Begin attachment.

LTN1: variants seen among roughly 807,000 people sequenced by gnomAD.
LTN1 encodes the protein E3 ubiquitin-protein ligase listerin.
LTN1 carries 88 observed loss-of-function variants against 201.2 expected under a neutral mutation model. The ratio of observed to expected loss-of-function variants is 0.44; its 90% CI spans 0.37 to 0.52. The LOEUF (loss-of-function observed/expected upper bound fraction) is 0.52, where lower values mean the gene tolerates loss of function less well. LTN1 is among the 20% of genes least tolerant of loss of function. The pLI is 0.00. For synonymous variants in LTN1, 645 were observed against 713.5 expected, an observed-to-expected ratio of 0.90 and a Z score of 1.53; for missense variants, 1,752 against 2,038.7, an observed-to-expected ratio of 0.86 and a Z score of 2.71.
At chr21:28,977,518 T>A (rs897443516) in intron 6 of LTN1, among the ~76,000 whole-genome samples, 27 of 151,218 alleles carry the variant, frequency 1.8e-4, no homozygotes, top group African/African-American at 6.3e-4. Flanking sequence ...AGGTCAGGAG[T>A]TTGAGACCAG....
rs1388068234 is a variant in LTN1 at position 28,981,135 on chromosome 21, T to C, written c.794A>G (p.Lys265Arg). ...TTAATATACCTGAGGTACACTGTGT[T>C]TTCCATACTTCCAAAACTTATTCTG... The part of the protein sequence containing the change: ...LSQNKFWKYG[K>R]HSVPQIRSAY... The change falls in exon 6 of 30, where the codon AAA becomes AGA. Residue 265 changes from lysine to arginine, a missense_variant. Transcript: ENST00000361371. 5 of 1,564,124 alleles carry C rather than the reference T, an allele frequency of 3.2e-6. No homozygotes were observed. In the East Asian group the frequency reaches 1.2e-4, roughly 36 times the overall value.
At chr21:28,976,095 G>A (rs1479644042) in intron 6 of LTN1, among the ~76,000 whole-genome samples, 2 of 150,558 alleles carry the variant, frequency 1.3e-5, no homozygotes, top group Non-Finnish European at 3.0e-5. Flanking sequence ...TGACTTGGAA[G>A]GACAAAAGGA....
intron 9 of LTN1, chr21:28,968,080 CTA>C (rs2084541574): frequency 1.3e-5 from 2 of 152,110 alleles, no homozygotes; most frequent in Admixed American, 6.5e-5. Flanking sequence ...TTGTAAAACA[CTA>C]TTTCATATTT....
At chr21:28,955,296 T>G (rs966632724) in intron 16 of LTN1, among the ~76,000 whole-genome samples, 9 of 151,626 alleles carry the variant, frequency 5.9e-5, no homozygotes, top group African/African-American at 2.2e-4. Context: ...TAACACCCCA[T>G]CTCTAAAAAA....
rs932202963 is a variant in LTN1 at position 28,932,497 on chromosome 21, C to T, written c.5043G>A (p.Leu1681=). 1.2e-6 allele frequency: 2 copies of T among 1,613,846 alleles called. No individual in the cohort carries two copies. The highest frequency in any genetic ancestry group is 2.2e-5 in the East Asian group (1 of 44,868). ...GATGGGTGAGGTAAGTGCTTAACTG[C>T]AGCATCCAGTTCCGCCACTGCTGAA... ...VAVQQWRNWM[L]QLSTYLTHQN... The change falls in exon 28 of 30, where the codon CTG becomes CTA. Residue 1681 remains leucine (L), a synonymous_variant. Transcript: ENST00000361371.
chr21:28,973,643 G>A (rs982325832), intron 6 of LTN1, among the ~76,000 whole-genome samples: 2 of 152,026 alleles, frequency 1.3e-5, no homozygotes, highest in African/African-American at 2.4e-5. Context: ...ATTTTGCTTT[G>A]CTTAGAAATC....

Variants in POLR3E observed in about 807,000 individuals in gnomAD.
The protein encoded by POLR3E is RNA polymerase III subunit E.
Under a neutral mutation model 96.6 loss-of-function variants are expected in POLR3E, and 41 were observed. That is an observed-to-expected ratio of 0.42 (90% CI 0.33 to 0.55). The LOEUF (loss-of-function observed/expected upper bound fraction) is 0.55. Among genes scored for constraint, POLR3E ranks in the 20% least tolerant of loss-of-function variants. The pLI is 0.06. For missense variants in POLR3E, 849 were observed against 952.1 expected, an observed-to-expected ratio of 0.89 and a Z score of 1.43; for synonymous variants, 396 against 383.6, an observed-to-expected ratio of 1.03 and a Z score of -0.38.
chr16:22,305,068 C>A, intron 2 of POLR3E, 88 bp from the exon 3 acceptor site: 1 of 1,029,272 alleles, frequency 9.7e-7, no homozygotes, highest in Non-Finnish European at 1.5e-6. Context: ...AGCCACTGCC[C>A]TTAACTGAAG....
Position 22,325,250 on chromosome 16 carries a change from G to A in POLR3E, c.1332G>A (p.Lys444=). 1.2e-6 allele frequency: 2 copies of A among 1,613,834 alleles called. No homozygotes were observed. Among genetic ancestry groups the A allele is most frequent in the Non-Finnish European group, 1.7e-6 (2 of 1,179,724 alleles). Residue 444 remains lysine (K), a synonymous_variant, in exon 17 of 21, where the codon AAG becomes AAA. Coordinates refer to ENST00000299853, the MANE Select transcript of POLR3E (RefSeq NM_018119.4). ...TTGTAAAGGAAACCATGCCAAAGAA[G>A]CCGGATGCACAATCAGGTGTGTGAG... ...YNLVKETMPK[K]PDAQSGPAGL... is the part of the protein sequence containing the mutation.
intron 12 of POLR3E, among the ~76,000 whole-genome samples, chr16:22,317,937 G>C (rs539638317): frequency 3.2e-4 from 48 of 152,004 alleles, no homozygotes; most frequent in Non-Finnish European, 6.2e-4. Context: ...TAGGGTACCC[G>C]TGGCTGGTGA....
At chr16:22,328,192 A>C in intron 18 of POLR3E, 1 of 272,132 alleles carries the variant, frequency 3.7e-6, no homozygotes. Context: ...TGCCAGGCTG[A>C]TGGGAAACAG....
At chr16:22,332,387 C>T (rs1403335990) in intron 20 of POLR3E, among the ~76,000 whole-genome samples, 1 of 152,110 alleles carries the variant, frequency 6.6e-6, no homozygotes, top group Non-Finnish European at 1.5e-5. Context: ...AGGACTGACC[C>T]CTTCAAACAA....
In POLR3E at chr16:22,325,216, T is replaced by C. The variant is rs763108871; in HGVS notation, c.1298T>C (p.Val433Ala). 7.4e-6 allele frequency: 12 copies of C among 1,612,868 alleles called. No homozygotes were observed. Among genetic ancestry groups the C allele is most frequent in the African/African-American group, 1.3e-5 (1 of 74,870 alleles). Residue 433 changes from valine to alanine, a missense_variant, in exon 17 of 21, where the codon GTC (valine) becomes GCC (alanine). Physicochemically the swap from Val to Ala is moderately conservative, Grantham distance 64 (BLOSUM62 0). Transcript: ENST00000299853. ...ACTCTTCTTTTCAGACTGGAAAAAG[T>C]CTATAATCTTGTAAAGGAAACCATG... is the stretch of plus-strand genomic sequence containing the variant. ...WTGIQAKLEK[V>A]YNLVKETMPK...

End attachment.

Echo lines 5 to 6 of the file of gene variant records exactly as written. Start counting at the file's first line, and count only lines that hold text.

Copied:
rs1388068234 is a variant in LTN1 at position 28,981,135 on chromosome 21, T to C, written c.794A>G (p.Lys265Arg). ...TTAATATACCTGAGGTACACTGTGT[T>C]TTCCATACTTCCAAAACTTATTCTG... The part of the protein sequence containing the change: ...LSQNKFWKYG[K>R]HSVPQIRSAY... The change falls in exon 6 of 30, where the codon AAA becomes AGA. Residue 265 changes from lysine to arginine, a missense_variant. Transcript: ENST00000361371. 5 of 1,564,124 alleles carry C rather than the reference T, an allele frequency of 3.2e-6. No homozygotes were observed. In the East Asian group the frequency reaches 1.2e-4, roughly 36 times the overall value.
At chr21:28,976,095 G>A (rs1479644042) in intron 6 of LTN1, among the ~76,000 whole-genome samples, 2 of 150,558 alleles carry the variant, frequency 1.3e-5, no homozygotes, top group Non-Finnish European at 3.0e-5. Flanking sequence ...TGACTTGGAA[G>A]GACAAAAGGA....